In the US, that’s a decent wage, in general, considering the U.S. Census Bureau listed the annual median personal income at $33,706 in 2018. However it’s not a decent wage for a professional athlete. It’s especially not a decent wage for one of the most coveted positions in a women’s sports league that has been around for more than two decades.
The WNBA is the longest-lasting professional women’s sports league in the U.S, with 23 years under its belt. And while the league has found its footing, unfortunately its players struggle to. Each opportunity they get, they continue to fight for a higher WNBA salary.
A spot in the WNBA is one of the hardest jobs in the world to get. For perspective, there are more professional astronauts in the world (560) than WNBA players (144)! (Seasoned astronauts earn an annual salary upwards of $144,566 by the way.) And yet, these elite female athletes are barely compensated relative to the revenue they’re delivering, with the support of very little marketing.
However, hope is on the horizon. The new eight-year CBA, which began with the 2020 season and runs through 2027, provides the foundation to chart a new course for women’s professional basketball.
So today, we’ll take a look at the new average WNBA salary from 2020 on, the highest and lowest paid players, and how that stacks up to the NBA (spoiler alert: it’s ridiculous!). Plus, we’ll reveal what the refs in the WNBA make, and it might shock you.
How much do WNBA players make in 2021?
In the WNBA, the maximum income a player could earn in 2016 was $109,000. For Russia that number tripled to $325,000 per season. While in China that number triple-doubled to $600,000 per season.
As a result, almost three-quarters of WNBA players were playing for teams overseas. With some, such as Washington Mystic Kristi Toliver, juggling three teams.
For example, a week after Minnesota Lynx guard Seimone Augustus finished her seven-month season in Russia with the Dynamo Kursk, she was back in Minneapolis for WNBA training camp. At the time – her eleventh year in the league – that had been her routine for eight years. To make a satisfactory wage, the three-time WNBA champion gave up summers, time with her family and her wife, to play overseas.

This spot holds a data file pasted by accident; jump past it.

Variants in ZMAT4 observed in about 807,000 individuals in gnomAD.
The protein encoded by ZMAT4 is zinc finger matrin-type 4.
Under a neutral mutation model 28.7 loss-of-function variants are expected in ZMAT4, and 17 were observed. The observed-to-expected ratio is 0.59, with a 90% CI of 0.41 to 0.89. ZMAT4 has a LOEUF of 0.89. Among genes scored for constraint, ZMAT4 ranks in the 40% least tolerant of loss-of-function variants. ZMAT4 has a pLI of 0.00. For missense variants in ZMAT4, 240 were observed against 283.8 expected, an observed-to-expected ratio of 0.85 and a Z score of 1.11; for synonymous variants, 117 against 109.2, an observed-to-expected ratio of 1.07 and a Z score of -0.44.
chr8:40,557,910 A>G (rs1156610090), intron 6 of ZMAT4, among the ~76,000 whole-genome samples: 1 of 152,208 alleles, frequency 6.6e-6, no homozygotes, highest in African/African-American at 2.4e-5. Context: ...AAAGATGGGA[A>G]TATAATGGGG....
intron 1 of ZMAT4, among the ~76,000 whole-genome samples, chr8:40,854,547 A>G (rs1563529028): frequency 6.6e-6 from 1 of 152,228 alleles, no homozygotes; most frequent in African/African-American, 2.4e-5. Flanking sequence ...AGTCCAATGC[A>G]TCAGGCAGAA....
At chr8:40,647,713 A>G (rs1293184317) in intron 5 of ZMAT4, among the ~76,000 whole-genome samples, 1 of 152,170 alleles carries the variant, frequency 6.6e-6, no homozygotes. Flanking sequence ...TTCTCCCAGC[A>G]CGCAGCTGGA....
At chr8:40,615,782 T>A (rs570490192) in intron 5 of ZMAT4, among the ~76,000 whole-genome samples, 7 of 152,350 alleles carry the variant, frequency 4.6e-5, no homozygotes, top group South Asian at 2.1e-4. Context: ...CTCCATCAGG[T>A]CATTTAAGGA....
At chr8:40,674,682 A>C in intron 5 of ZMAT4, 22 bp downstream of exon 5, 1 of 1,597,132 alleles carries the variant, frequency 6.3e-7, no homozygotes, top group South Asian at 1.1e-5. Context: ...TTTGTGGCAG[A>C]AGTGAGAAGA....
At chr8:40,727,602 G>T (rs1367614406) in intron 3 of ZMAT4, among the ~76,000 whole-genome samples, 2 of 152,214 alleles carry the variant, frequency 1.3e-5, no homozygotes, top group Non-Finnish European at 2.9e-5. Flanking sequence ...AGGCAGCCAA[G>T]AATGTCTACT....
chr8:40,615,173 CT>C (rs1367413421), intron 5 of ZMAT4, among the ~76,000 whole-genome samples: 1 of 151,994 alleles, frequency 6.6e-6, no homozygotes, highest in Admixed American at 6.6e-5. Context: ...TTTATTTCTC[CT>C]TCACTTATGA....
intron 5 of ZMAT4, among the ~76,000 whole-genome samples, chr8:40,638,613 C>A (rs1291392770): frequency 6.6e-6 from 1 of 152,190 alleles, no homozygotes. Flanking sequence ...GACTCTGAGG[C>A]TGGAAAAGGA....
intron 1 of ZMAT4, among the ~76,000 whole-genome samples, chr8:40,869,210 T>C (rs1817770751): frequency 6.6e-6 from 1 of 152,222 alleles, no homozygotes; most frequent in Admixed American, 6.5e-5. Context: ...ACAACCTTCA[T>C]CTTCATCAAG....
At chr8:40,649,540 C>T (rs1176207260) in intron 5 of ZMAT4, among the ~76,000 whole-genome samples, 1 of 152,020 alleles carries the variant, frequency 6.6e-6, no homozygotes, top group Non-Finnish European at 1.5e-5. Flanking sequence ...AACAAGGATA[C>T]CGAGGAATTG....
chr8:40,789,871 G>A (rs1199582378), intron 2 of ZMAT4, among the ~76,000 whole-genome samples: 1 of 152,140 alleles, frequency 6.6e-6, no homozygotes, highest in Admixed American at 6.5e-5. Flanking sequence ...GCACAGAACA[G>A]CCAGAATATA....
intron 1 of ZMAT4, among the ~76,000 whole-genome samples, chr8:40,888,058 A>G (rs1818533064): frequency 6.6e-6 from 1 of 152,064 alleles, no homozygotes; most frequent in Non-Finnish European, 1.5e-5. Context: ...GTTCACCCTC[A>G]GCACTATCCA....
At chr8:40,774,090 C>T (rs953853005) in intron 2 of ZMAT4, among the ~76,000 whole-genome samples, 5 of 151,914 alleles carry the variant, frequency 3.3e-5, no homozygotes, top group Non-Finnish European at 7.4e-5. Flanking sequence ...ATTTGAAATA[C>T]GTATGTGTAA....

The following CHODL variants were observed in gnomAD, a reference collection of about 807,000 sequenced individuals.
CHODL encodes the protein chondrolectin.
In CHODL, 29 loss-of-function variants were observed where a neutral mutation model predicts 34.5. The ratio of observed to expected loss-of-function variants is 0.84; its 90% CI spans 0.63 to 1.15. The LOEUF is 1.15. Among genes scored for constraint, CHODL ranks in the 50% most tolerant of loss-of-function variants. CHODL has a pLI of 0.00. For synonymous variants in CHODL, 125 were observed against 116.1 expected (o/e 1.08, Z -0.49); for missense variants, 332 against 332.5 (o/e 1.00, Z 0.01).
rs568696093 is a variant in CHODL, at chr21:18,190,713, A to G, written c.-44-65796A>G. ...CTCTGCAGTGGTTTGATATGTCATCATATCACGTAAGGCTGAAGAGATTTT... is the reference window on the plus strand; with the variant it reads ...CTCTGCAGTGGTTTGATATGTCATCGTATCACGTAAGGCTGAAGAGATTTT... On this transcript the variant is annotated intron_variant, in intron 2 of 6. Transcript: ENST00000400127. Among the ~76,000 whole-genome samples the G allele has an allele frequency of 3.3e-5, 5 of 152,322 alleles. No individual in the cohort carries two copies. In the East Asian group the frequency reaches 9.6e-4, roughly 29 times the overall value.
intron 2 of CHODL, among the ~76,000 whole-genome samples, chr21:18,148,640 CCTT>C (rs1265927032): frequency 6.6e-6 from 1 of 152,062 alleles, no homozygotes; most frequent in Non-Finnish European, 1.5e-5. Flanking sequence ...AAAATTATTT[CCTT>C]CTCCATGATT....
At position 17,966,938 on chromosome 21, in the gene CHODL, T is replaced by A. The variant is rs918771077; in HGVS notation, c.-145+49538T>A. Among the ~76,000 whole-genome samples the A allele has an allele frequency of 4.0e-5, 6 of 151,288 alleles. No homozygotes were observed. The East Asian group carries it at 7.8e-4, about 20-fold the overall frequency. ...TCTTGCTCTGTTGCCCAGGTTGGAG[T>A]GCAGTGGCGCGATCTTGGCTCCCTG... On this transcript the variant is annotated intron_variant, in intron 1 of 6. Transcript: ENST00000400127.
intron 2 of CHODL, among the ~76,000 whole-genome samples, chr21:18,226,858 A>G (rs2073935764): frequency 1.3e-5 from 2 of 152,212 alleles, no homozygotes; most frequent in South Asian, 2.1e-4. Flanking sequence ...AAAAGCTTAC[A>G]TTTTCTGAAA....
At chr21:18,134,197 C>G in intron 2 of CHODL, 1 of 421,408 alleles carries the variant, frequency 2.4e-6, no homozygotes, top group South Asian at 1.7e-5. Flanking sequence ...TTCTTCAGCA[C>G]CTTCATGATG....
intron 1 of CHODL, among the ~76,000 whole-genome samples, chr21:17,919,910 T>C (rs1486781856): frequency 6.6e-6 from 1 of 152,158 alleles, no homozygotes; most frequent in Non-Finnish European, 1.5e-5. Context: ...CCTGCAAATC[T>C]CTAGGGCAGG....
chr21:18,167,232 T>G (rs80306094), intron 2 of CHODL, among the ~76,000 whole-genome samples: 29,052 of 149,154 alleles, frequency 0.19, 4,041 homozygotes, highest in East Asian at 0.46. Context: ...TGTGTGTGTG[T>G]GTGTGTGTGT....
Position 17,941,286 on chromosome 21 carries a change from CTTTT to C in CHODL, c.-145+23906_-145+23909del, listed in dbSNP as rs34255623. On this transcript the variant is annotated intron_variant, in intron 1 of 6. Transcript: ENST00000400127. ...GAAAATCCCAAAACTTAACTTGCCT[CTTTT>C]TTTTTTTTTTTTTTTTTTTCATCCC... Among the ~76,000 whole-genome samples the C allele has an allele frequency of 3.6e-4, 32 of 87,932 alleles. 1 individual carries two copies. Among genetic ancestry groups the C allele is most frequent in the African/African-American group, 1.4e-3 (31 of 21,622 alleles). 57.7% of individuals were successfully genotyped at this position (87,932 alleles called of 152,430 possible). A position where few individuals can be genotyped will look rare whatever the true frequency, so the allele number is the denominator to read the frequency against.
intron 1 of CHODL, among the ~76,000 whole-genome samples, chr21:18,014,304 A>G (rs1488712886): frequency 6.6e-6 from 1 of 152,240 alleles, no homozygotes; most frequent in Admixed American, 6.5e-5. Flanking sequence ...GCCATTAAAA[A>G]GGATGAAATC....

Even more egregiously, Diana Taurasi sat out of the 2015 WNBA season because her Russian team, which paid her more than $1 million, wanted her to rest.
Obviously this overseas continual play is hard on the players’ physical and mental well-being. Furthermore, the WNBA team owners don’t like it, because their talent can get hurt, which can cost them their season. As a result, this was a big sticking point for all in the 2020 CBA negotiations.
The result was a huge step in the right direction. WNBPA president Nneka Ogwumike and the players did a phenomenal job negotiating the latest the CBA, bringing the WNBA maximum base salary up to $215,000 in 2020. That’s a $97,500 increase from the previous year! Though, it’s worth nothing, that even that new maximum is still a fraction of the millions that top women’s players earn overseas in Russia, China, and Turkey.
The new contract stated that salaries need to begin being paid “on or about June 1.” So the league required teams to cut rosters down to 11 or 12 players below the salary cap by May 26, 2020. After those adjustments, here are the 2020 WNBA rosters each team had. You can also see the breakdown of each player’s salary, and how those combine to use up the 2020 WNBA Team Salary Cap of $1,300,000. Check out the 2021 salary cap sheet here.
Furthermore, Diana Taurasi and Sue Bird also helped create a plan with USA Basketball to pay members of the Olympic team another $100,000 to train in the United States. This providing even more motivation to not play and train overseas.
When asked how they arrived at the $100,000, Diana said, “Working with USA Basketball, working with other players, that was the number that we felt really comfortable with, that people would want to stay and actually do it.” All in all, things (the average!) in the WNBA are on the up and up!
Discover the average WNBA salary
As mentioned, the average 2020 WNBA salary is $100,658.51. That’s up from $74,349.14 in 2019. The average is reasonable to measure as the league standard, because there are no tremendous outliers at either end, skewing the results. They also created additional bonuses and prize pools that raise the total compensation by 53%, the WNBA said.